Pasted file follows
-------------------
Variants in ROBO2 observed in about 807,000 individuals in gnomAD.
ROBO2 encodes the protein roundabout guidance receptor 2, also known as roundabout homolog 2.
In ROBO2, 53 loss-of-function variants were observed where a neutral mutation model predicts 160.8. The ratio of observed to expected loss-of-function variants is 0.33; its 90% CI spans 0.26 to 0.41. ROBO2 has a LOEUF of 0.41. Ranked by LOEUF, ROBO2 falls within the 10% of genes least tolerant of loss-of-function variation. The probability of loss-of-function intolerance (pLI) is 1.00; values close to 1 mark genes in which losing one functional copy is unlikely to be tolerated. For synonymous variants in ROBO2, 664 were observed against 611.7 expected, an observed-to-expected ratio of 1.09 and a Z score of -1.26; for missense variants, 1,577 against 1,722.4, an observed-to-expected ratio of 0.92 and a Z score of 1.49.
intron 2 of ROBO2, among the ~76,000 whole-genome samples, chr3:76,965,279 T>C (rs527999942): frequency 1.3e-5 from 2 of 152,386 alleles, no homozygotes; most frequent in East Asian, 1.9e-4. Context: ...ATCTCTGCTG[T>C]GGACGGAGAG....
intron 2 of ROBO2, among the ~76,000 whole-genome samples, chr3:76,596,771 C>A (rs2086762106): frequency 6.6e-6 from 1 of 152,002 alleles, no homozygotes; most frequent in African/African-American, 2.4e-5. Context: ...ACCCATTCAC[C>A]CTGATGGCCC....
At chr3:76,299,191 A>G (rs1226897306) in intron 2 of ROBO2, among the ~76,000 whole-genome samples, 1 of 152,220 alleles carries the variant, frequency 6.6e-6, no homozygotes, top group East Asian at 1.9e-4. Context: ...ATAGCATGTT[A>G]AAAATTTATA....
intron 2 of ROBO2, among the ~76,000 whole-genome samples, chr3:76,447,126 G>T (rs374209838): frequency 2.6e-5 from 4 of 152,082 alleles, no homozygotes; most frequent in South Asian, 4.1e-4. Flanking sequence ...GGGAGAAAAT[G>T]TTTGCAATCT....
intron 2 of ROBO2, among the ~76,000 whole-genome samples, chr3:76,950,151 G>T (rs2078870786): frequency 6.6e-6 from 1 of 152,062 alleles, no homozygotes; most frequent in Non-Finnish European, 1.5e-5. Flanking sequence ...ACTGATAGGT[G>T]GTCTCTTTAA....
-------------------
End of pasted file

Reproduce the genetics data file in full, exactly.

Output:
Variants in ROBO2 observed in about 807,000 individuals in gnomAD.
ROBO2 encodes the protein roundabout guidance receptor 2, also known as roundabout homolog 2.
In ROBO2, 53 loss-of-function variants were observed where a neutral mutation model predicts 160.8. The ratio of observed to expected loss-of-function variants is 0.33; its 90% CI spans 0.26 to 0.41. ROBO2 has a LOEUF of 0.41. Ranked by LOEUF, ROBO2 falls within the 10% of genes least tolerant of loss-of-function variation. The probability of loss-of-function intolerance (pLI) is 1.00; values close to 1 mark genes in which losing one functional copy is unlikely to be tolerated. For synonymous variants in ROBO2, 664 were observed against 611.7 expected, an observed-to-expected ratio of 1.09 and a Z score of -1.26; for missense variants, 1,577 against 1,722.4, an observed-to-expected ratio of 0.92 and a Z score of 1.49.
intron 2 of ROBO2, among the ~76,000 whole-genome samples, chr3:76,965,279 T>C (rs527999942): frequency 1.3e-5 from 2 of 152,386 alleles, no homozygotes; most frequent in East Asian, 1.9e-4. Context: ...ATCTCTGCTG[T>C]GGACGGAGAG....
intron 2 of ROBO2, among the ~76,000 whole-genome samples, chr3:76,596,771 C>A (rs2086762106): frequency 6.6e-6 from 1 of 152,002 alleles, no homozygotes; most frequent in African/African-American, 2.4e-5. Context: ...ACCCATTCAC[C>A]CTGATGGCCC....
At chr3:76,299,191 A>G (rs1226897306) in intron 2 of ROBO2, among the ~76,000 whole-genome samples, 1 of 152,220 alleles carries the variant, frequency 6.6e-6, no homozygotes, top group East Asian at 1.9e-4. Context: ...ATAGCATGTT[A>G]AAAATTTATA....
intron 2 of ROBO2, among the ~76,000 whole-genome samples, chr3:76,447,126 G>T (rs374209838): frequency 2.6e-5 from 4 of 152,082 alleles, no homozygotes; most frequent in South Asian, 4.1e-4. Flanking sequence ...GGGAGAAAAT[G>T]TTTGCAATCT....
intron 2 of ROBO2, among the ~76,000 whole-genome samples, chr3:76,950,151 G>T (rs2078870786): frequency 6.6e-6 from 1 of 152,062 alleles, no homozygotes; most frequent in Non-Finnish European, 1.5e-5. Flanking sequence ...ACTGATAGGT[G>T]GTCTCTTTAA....